April 26, 1948
She came looking for me.
Word of the Der Vershclinger spread quickly through this realm, and ere the second day had passed, I was being hunted.
Or so they thought.
My pack has grown, and there are a dozen dogs of various breeds and ages around me at any given time. We’d hunkered down in a pleasant spot. There was water and fresh fowl, and we all took the time to breathe and enjoy the fine air.
The roar of a shotgun shattered the peace, and in the distance, dogs howled.
They were not cries of pain but rather of warning.
Someone was coming.
A few more shots were let off, and as the wind shifted, I heard a high, furious voice screaming my name.
I drew my Colts, rested them on my lap with the weapons in hand, and I waited.
I heard the dogs coming closer, some of them crashing through the underbrush while others led the prey into the trap.
“Where is he?” a woman demanded, and her question was punctuated by another shot. I heard the distinct click of a weapon being reloaded, and I waited.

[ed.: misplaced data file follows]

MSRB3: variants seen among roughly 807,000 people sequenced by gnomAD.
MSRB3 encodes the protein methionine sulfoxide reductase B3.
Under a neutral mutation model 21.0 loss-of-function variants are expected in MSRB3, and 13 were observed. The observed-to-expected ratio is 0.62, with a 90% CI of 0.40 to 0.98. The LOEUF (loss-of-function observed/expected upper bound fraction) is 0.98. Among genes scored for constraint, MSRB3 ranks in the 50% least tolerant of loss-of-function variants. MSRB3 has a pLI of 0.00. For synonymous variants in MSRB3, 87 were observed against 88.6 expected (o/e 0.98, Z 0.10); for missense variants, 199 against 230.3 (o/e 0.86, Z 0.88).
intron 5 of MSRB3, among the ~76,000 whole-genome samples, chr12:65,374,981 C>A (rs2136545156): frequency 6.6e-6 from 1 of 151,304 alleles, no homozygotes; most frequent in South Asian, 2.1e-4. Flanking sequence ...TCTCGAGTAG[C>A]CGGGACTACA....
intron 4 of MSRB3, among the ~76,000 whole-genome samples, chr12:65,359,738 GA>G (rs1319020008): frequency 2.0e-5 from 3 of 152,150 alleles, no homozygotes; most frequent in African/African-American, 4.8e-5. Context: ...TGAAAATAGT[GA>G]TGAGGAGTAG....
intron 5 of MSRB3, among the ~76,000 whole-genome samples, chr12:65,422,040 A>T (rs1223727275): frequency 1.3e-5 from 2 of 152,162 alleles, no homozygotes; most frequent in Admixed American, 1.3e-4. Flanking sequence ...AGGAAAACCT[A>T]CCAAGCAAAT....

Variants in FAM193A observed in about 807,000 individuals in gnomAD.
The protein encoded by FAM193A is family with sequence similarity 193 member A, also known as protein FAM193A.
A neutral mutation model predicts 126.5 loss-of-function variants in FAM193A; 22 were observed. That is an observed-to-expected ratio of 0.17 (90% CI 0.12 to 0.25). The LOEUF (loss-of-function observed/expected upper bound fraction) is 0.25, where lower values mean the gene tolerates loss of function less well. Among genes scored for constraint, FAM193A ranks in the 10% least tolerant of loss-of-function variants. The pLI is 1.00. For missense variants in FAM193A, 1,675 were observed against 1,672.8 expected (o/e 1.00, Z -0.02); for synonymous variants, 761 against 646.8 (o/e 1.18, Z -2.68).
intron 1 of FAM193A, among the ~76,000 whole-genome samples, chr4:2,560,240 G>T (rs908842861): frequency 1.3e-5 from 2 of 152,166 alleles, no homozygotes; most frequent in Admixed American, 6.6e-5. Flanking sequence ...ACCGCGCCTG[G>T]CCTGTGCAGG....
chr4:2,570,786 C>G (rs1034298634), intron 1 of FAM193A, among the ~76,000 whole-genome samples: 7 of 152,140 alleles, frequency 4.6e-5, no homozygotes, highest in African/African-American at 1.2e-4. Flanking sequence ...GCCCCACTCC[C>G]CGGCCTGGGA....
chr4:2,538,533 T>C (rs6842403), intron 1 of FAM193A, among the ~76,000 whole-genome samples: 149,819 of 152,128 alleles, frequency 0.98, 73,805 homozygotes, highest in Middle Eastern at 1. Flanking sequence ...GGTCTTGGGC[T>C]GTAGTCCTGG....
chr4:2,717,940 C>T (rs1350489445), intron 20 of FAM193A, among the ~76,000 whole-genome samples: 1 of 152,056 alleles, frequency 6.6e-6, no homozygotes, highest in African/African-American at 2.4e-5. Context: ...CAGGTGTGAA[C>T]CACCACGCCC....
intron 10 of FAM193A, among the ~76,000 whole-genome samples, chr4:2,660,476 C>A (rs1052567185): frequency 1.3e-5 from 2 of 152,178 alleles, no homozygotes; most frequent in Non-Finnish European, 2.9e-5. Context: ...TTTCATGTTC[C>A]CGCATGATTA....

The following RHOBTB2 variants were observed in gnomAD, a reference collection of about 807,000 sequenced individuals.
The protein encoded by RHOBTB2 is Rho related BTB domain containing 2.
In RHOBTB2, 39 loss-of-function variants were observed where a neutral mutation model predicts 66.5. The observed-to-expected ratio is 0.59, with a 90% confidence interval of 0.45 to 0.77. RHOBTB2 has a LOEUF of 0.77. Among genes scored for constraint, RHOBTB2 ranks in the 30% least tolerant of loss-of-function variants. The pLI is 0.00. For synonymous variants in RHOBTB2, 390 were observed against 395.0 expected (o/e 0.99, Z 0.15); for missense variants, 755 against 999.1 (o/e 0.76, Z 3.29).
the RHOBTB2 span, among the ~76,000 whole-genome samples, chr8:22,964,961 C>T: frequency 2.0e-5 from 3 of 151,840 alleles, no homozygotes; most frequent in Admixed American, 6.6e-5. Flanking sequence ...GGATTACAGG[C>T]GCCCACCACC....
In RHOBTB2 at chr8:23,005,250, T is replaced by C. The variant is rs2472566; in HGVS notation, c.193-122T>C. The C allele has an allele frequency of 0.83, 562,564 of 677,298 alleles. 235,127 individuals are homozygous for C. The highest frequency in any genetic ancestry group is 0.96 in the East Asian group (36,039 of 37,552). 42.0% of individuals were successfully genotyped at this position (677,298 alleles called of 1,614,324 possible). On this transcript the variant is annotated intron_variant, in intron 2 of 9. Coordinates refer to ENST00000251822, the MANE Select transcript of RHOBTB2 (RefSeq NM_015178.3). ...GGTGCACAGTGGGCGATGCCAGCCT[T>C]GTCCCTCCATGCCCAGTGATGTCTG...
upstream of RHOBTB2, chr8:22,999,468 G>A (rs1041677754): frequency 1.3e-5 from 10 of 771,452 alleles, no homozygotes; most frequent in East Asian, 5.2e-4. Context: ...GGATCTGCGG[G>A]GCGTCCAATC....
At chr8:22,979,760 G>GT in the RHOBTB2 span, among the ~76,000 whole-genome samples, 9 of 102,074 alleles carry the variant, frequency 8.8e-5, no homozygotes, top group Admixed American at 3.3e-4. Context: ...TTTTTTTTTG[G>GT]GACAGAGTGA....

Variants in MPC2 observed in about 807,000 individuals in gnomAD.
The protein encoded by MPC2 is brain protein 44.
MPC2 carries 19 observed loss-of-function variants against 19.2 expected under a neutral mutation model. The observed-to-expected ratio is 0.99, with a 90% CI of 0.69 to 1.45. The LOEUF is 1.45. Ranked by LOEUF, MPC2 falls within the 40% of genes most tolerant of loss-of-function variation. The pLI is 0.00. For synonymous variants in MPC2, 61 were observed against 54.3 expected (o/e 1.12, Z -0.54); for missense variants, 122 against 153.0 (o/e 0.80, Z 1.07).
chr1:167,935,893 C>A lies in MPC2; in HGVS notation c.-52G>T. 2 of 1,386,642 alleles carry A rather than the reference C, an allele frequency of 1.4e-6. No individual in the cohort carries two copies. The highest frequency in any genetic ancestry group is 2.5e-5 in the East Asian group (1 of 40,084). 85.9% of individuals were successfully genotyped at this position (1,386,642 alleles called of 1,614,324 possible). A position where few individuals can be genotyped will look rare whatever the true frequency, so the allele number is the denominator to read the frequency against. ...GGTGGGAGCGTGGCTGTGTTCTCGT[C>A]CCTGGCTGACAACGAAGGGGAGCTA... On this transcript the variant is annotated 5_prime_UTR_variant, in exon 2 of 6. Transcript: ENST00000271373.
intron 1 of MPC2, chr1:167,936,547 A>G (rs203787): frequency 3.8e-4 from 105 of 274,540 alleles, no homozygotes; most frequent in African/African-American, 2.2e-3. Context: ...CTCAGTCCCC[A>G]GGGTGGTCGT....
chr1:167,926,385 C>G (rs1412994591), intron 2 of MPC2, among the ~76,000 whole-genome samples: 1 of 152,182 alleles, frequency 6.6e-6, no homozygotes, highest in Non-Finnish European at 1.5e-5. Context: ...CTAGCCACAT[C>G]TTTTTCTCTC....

“Where is the fiend who butchered by mate?”
At the last word, I glanced to the left at the scalps stretched out and drying in the sun. I smiled and then fixed my gaze on the main path.
Champ came racing down it, his tail wagging, and he paused only long enough to chuckle and say, “She’s fit to be tied, Blood.”
Before I could respond, he was gone, and the shotgun roared.
The woman stepped into the small glade where we made camp, and she stared at me. Her hands went to reload the shotgun, but when I lifted the Colts, she froze. I cocked the pistols and kept them centered on her.
“Good morning,” I said.
She glared at me. “You killed my mate.”
“Who was that?”
“Der Vershclinger,” she hissed. “Do you deny it?”
“No. In fact, his scalp’s in the center of the rack.
Her eyes flickered to it, back to me, and she opened her mouth, screaming.
I put a shot through her mouth and blew the back of her neck out.
She wavered for a moment, hands desperately trying to load the shotgun, and then she fell back, hitting the ground with a thump.
The dogs came out, tails wagging.
“Leave the scalp for Blood,” Champ ordered, and I watched as the dogs settled in to eat.